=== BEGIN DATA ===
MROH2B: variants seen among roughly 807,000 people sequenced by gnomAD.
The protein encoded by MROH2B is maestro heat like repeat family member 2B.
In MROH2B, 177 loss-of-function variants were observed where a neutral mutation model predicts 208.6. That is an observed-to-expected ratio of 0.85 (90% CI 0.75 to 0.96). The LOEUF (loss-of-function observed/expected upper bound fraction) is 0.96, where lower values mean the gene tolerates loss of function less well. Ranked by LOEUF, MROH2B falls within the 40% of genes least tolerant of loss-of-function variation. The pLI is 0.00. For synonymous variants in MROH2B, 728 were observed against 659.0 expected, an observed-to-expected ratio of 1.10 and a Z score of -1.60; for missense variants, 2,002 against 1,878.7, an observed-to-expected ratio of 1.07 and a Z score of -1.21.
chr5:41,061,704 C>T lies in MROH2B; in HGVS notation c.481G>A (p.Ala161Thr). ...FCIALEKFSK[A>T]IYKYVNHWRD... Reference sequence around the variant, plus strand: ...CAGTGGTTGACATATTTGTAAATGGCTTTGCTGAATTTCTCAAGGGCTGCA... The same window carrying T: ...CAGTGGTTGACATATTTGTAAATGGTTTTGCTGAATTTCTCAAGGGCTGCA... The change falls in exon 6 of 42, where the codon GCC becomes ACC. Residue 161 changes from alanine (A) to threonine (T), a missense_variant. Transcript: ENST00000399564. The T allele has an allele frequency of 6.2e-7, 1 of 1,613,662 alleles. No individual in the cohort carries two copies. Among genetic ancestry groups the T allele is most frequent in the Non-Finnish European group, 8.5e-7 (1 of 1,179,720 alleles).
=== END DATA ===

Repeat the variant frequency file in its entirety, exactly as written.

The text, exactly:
MROH2B: variants seen among roughly 807,000 people sequenced by gnomAD.
The protein encoded by MROH2B is maestro heat like repeat family member 2B.
In MROH2B, 177 loss-of-function variants were observed where a neutral mutation model predicts 208.6. That is an observed-to-expected ratio of 0.85 (90% CI 0.75 to 0.96). The LOEUF (loss-of-function observed/expected upper bound fraction) is 0.96, where lower values mean the gene tolerates loss of function less well. Ranked by LOEUF, MROH2B falls within the 40% of genes least tolerant of loss-of-function variation. The pLI is 0.00. For synonymous variants in MROH2B, 728 were observed against 659.0 expected, an observed-to-expected ratio of 1.10 and a Z score of -1.60; for missense variants, 2,002 against 1,878.7, an observed-to-expected ratio of 1.07 and a Z score of -1.21.
chr5:41,061,704 C>T lies in MROH2B; in HGVS notation c.481G>A (p.Ala161Thr). ...FCIALEKFSK[A>T]IYKYVNHWRD... Reference sequence around the variant, plus strand: ...CAGTGGTTGACATATTTGTAAATGGCTTTGCTGAATTTCTCAAGGGCTGCA... The same window carrying T: ...CAGTGGTTGACATATTTGTAAATGGTTTTGCTGAATTTCTCAAGGGCTGCA... The change falls in exon 6 of 42, where the codon GCC becomes ACC. Residue 161 changes from alanine (A) to threonine (T), a missense_variant. Transcript: ENST00000399564. The T allele has an allele frequency of 6.2e-7, 1 of 1,613,662 alleles. No individual in the cohort carries two copies. Among genetic ancestry groups the T allele is most frequent in the Non-Finnish European group, 8.5e-7 (1 of 1,179,720 alleles).